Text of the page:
These vines are planted at a relatively high density for this region, with 1,500 plants per hectare. Putting that in perspective, Burgundy is often 10,000 plants per ha. It’s all down to the lack of water. Pepe Mendoza limits these dry-farmed vines to only 4–6 bunches of thick-skinned grapes per plant. The resulting yields are very low, but the quality is high.
The younger vineyards are cordon de royat wire-trained. Once again the vines are tiny, and even these are 25 years old. Pepe says that they will be much better in another ten years! Youth is clearly a relative concept in these parts. Pepe seems to have a deep communion with each of his vines. I wouldn’t have been surprised if had said that he had names for each and every plant.
Because the farming is organic, Pepe uses only natural compost. Preparations of cinnamon, dandelion and chamomile are sprayed against insects, while pheromone traps restrict an invasive grape moth.
The resultant wines display freshness, subtlety and balance, rather than an over-abundance of alcohol, harsh tannins and raisiny concentration. While there are some reserva wines, most are released young. Alicante has no history of quality based on long ageing as happens in Rioja, and is all the better for it. “Here concentration is easy, but balance is difficult," said Pepe.
And after that, it was back to the Finca to thaw out and try his wines.
On arriving back at the Finca, a large fire was blazing away merrily in the cosy tasting room. As an extra treat, home-made venison and wild boar sausages griddled over the fire were served with crusty bread. Of course, these bocadillos were the perfect welcome on a bitterly cold day. Time for the wine.
The first two wines are “radical, natural wines” made for the Mendoza family. They are not commercialised, although I hope they will be. They are no-sulphur and matured in traditional terracotta amphorae:
Moscatel. 12%. My concerns with so many white wines made without sulphur are that they often replace fruit character with dull apple cider flavours. Not so here. This wine is a cloudy orange colour but has retained a floral orange-flower Muscat scent. The palate has an intense candied orange taste. It starts dry and ends gently sweet some minutes later.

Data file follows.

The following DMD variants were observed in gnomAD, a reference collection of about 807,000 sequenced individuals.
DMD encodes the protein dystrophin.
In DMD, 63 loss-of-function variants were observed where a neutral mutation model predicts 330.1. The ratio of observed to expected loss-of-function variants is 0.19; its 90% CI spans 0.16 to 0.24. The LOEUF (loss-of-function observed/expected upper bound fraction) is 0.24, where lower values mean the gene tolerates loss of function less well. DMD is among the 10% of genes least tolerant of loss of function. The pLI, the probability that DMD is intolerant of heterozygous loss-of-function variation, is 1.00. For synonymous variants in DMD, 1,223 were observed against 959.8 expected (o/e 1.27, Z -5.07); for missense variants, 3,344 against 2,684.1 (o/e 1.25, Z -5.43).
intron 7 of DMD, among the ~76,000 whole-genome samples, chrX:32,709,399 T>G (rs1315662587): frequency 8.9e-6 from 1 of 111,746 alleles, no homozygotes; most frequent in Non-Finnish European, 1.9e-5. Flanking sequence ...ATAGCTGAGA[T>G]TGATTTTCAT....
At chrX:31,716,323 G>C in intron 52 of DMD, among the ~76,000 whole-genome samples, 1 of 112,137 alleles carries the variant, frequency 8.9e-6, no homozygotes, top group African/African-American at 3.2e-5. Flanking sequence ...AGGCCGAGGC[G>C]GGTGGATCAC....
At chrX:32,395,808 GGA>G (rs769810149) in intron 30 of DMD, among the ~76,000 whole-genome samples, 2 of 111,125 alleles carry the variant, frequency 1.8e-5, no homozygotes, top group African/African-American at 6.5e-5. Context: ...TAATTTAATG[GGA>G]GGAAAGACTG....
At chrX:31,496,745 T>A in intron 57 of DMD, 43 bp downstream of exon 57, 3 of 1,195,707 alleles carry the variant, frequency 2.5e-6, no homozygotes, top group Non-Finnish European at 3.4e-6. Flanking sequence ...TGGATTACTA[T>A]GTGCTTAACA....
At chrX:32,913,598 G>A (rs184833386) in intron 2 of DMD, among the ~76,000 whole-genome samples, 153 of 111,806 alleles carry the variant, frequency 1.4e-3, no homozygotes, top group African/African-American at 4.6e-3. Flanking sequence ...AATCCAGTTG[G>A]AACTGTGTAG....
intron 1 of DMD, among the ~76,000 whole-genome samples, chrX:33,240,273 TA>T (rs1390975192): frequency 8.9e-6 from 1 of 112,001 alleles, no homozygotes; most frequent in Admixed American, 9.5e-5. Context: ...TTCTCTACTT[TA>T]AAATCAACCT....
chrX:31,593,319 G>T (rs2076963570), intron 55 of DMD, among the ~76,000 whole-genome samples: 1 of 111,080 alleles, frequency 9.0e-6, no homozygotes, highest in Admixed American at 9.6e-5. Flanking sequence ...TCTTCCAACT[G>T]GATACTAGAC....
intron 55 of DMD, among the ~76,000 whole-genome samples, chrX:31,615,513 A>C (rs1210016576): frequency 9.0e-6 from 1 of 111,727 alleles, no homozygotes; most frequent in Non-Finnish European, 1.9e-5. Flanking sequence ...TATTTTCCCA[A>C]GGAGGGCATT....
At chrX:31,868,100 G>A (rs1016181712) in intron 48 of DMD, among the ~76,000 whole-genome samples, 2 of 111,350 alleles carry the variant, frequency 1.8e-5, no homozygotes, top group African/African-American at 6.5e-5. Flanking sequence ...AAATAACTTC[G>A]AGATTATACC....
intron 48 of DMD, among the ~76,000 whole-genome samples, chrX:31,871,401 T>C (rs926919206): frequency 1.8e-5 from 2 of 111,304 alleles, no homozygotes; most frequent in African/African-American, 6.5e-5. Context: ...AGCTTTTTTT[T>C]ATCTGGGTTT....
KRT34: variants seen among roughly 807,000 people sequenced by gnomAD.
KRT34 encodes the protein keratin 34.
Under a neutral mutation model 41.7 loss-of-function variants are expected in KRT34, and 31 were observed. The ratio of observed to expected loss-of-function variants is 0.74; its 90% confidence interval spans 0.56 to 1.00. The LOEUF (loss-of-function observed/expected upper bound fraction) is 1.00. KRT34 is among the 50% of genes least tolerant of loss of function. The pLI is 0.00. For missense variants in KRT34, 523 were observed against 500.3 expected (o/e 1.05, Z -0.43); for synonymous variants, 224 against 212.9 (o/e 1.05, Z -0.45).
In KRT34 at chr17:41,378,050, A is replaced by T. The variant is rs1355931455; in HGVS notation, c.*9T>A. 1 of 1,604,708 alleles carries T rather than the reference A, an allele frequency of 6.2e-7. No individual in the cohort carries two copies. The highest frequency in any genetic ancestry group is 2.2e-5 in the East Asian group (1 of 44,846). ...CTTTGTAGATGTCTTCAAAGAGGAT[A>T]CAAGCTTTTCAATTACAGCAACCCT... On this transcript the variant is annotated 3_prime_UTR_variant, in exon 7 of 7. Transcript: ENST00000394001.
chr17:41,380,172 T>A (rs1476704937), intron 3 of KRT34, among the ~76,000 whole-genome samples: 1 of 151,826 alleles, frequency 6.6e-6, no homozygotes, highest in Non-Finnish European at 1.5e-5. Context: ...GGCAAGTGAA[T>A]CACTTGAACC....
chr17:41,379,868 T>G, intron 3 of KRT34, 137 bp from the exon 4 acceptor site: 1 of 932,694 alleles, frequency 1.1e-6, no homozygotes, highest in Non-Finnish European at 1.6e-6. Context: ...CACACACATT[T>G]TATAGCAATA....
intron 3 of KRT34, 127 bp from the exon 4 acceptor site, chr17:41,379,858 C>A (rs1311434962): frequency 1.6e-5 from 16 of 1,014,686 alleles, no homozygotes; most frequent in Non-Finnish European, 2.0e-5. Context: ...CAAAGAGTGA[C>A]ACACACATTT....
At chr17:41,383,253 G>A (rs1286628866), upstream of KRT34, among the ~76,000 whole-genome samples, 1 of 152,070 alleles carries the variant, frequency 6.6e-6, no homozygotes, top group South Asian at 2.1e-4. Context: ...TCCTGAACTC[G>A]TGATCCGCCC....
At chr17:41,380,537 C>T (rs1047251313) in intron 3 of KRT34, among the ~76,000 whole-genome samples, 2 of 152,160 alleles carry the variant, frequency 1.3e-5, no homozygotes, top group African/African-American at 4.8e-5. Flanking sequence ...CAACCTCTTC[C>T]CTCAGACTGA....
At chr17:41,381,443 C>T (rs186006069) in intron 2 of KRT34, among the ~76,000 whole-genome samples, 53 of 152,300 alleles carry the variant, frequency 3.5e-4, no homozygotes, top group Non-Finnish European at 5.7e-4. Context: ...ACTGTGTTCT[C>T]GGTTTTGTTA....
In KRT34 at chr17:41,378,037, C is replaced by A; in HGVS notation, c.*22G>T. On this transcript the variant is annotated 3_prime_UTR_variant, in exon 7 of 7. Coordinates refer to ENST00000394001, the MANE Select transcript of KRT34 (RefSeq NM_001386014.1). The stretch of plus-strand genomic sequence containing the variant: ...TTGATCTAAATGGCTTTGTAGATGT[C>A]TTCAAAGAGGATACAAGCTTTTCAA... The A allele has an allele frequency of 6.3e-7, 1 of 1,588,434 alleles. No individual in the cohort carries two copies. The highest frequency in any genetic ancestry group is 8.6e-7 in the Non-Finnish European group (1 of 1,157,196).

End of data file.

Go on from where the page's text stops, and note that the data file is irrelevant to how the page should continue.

Monastrell. 13%. Dark purple, wafting perfume, slightly smoky. Dry palate of cherries, pastry and cream, like Strudel. Very well balanced, moderate alcohol, elegant, delicious.
The following four wines are all 100% Monastrell. There is none of the earthy flavours, rustic tannins or monster alcohol that can plague inferior wines:
La Tremenda 2014, 14%. The “entry level” Monastrell, made with those 25-year-old “young” vines. Cherry red colour. Juicy, creamy texture, fleshy sour cherry fruit, smooth tannins and hints of pomegranate, toast and spices at the end. Given only six months maturation in old US oak barrels. € 7 in Spain, $10 USA. A tremendous bargain, pun intended!
Estrecho 2011, 14%. Single vineyard, bush vines. Given 15 months ageing in 500-litre barrels and 2,000-litre foudres. Far more purple power, a very different expression. A gorgeous wine, black cherry and plum with some balsamic and pine resin appearing on the finish. €18 in Spain, $20 in the USA.
Estrecho 2014, 14%. Already lovely. Or keep it for ten or twenty years. It starts with an abundance of black and red cherries before a bitter cherry finish. Silken, creamy texture and focused intensity. Those balsamic and pine notes are already present. Even better than 2011, Pepe thinks this will be a classic. The release is in early 2017.
Las Quebradas 2010 13.5%. Again, a single vineyard. This is the ultimate Monastrell. Charcoal and bonfire aromas mixed with deeper dark plummy fruits. Juicy yet delicate palate, stony minerality and final hints of cocoa powder on a very long finish. Slightly less alcohol and such life and vigour! Outstanding. €25 in Spain. $35 in the USA.
Now the wine that put this Bodega on the map:
- Santa Rosa Reserva 2011. 13.5%. A blend of 70% Cabernet Sauvignon, 15% Syrah, 15% Merlot. Made and aged for 17 months in small new French oak barriques. It has a herby, garrigue nose, polished tannins, and great balance. The palate is meaty and dense with hints of leather and liquorice peeping through black fruits. Let me point out that this is an excellent modern wine. In the end, these international grapes don’t speak of the region or terroir in quite the way the Monastrell does. €18 in Spain, $35 in the USA.
- Moscatel, Pasa Plus 2012. 8%. An excellent dessert wine, with 300 g/l of residual sugar. An orange-fleck tawny colour. The chocolate-orange and balsam nose leads to a massive bitter orange palate with dark chocolate and coffee. It tastes like the best Jaffa Cake ever. One of the finest Moscatel’s I’ve tried. Barrel sample.
To sum up
In conclusion, meeting Pepe Mendoza was memorable. Then he showed just how good Spanish hospitality, the Alicante region and Monastrell could be.
My personal thanks are also due to Mar Alonso of IVACE and Eladio Martin of PDO Alicante for organising the visit.
Ptda. El Romeral s/n
Alfaz del Pi 03580
*Note that Grandes Pagos de España isn’t the same as the similarly titled but controversial Vinos de Pago. The former is a private association. The latter is an official classification for individual wineries, ratified by some (but not all) Spanish wine regions.